Astros veterans (except C. Lee) playing well enough to trade this summer

Houston Astros people say they aren't even thinking about a sale of their veteran name players. Not yet, anyway.

And truthfully, you can't blame them for that. Not only are the Astros a surprisingly OK 15-19 so far this year, they've outscored their opponents, 143-137.

But while Astros officials won't say it, it's logical to believe the Astros won't ultimately contend, and it's just as logical to assume they will re-visit trades for veteran players nobody seemed to want this winter -- at least not at their high salaries.

And guess what? For the most part, their veteran players are cooperating by having very nice starts to their years. In fact, in a trade market that's likely to be saturated with buyers and contain few seller the Astros might have the chance to unload multiple big contracts, especially if they are willing to subsidize them in part.

One competing executive rated their three name veterans who are trade possibilities in this order, providing brief comments ...
1. Wandy Rodriguez. "Lefthanded starter with innings and swing-and-miss stuff.''

2. Brett Myers. "Stuff has improved in the bullpen.'

3. Carlos Lee. "Last as a DH and first base type.''

Rodriguez actually has been so good thus far that his $13-million salary looks almost reasonable. Rodriguez is only 3-3 but he has a 1.99 ERA, 0.99 WHIP and .205 batting average against -- all superb numbers. The previous regime probably should have worked a trade when the Rockies claimed him last year, but at least Houston's bargaining position has improved since the winter when there were basically no takers. The one caveat is the $13-million option for 2014 that transforms from a club option to player option in the event of a trade.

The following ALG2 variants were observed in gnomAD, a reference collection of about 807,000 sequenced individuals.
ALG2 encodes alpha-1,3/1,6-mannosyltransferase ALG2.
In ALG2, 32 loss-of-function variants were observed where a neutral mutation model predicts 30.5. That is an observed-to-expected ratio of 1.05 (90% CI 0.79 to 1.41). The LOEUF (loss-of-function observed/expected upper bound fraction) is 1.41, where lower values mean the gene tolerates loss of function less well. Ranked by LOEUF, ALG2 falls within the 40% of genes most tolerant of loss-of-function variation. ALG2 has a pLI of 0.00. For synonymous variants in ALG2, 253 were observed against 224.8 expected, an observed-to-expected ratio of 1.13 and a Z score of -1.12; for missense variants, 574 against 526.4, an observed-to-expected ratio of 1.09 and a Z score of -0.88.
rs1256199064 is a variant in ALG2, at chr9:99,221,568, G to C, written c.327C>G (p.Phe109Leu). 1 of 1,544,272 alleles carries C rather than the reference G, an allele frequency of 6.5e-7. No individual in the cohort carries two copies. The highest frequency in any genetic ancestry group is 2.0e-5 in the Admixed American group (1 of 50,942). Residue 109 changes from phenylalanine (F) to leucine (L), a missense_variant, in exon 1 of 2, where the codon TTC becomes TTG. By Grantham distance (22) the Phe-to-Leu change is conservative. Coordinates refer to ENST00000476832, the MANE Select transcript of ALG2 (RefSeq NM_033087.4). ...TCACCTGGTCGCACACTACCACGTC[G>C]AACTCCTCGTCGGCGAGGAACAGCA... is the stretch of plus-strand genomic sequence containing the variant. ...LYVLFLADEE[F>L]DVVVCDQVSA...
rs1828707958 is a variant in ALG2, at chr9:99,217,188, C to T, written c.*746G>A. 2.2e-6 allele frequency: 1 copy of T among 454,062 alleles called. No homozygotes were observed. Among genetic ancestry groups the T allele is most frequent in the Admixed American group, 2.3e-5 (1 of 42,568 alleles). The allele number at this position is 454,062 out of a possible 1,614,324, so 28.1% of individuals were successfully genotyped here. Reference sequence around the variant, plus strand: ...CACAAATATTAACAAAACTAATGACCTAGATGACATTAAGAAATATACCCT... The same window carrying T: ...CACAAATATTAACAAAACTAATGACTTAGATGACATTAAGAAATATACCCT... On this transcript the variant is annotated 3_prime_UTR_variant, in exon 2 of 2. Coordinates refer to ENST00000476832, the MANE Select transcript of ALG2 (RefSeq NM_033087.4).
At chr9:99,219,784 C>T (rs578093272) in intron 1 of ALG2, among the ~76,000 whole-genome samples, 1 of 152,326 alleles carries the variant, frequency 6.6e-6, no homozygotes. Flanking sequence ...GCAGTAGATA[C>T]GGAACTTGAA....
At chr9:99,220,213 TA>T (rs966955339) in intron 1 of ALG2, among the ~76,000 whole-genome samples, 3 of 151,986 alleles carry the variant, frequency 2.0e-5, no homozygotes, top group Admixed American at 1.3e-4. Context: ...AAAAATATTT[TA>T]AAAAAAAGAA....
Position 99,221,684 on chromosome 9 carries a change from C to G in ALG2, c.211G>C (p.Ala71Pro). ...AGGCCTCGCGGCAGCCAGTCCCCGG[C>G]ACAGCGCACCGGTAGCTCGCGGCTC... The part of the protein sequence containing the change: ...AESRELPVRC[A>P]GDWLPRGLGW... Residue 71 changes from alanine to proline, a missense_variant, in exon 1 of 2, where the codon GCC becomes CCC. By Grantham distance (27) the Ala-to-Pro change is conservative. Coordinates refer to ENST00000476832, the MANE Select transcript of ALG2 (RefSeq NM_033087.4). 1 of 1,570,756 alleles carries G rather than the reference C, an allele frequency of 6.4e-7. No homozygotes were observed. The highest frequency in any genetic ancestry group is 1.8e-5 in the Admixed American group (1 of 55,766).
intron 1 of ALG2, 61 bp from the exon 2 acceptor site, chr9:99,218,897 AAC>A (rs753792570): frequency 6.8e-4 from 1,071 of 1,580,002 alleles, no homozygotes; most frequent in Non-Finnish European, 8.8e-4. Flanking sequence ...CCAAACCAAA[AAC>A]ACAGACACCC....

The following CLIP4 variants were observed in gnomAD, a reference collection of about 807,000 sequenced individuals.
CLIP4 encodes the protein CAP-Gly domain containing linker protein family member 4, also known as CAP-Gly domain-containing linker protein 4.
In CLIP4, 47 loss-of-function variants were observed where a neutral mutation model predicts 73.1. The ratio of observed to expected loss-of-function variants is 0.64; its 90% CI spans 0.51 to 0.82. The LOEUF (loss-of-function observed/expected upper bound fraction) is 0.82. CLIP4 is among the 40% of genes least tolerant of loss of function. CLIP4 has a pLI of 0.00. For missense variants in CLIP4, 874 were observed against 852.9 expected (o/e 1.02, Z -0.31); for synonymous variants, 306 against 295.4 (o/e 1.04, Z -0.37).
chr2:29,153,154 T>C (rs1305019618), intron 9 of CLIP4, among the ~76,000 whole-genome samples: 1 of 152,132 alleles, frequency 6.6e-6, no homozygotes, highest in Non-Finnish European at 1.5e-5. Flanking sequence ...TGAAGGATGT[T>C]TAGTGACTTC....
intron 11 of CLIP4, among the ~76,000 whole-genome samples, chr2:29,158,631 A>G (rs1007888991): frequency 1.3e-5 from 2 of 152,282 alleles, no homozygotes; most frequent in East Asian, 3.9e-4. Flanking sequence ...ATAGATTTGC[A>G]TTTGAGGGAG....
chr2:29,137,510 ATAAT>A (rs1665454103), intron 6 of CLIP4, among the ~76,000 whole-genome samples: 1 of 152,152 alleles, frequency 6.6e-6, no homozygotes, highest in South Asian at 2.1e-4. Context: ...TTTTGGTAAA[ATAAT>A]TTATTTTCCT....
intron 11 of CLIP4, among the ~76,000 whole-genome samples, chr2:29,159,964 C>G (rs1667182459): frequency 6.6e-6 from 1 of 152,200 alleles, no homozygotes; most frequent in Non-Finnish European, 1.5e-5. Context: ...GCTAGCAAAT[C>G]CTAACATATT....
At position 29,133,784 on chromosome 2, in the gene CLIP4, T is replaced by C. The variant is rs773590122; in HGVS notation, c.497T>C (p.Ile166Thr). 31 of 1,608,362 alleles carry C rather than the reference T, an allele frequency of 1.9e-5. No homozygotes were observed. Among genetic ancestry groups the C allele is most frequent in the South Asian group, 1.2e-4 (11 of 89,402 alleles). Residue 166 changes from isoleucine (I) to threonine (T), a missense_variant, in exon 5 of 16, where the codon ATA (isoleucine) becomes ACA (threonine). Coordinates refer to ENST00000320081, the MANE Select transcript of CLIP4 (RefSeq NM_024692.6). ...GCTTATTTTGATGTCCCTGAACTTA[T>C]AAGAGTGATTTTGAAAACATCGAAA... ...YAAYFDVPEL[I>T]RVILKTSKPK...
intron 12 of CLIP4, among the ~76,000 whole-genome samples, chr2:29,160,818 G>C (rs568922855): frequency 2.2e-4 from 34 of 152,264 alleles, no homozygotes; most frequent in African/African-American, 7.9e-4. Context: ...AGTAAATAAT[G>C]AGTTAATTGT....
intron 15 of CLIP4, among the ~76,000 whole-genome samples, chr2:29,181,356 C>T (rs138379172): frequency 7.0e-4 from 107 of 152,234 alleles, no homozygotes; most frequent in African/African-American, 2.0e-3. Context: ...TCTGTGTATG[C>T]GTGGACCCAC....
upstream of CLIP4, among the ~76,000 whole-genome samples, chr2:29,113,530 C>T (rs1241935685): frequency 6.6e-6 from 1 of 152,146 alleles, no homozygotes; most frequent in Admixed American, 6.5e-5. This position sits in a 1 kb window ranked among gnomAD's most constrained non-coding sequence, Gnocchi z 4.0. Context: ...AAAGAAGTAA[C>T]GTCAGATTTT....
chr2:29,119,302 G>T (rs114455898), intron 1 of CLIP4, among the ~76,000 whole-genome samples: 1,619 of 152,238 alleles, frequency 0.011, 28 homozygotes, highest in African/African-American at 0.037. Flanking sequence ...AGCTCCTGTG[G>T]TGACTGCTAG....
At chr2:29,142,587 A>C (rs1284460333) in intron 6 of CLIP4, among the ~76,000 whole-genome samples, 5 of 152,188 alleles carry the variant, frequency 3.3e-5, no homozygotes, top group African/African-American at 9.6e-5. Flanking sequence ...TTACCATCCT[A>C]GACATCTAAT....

Myers is doing so well in his new role as closer he looks like he can help a lot of teams, especially in a year when closers are getting hit or getting hurt at an alarming rate. Myers has converted nine of 10 save opportunities, justifying his move from the rotation. His salary also is not exactly low, though, as he makes $11 million this year and has a $3-million buyout on next year's $10-million team option.

As a bonus, Brandon Lyon, one of the most overpaid middle relievers in baseball the past three years, is finally healthy and productive enough where someone may take a look at him. Lyon, 0-1 with a 2.19 ERA, has a $5.5-million salary, which looks like a mistake (well, technically, it was), so the Astros would have to pay all or most of it to trade him.

The slugger Lee remains a tough one to trade, as the competing exec suggested. He has two home runs, 14 RBI and a .269 batting average, numbers that only look good compared to Albert Pujols. Lee also has an $18-million salary, the result of having signed in one of those ultra-flush years.

Additionally, he can reject trades to 14 of the other 29 teams. And according to people familiar with the situation, he badly wants to remain in Houston and showed no sign to waive it this winter when a rare team showed interest. There is said to have been a brief chance for a deal with Milwaukee months ago, but that fell through, if not for the no-trade clause than other reasons.

But even if they are stuck with Lee, the Astros should be a popular team come trade time. Which isn't yet, Astros people will remind you.

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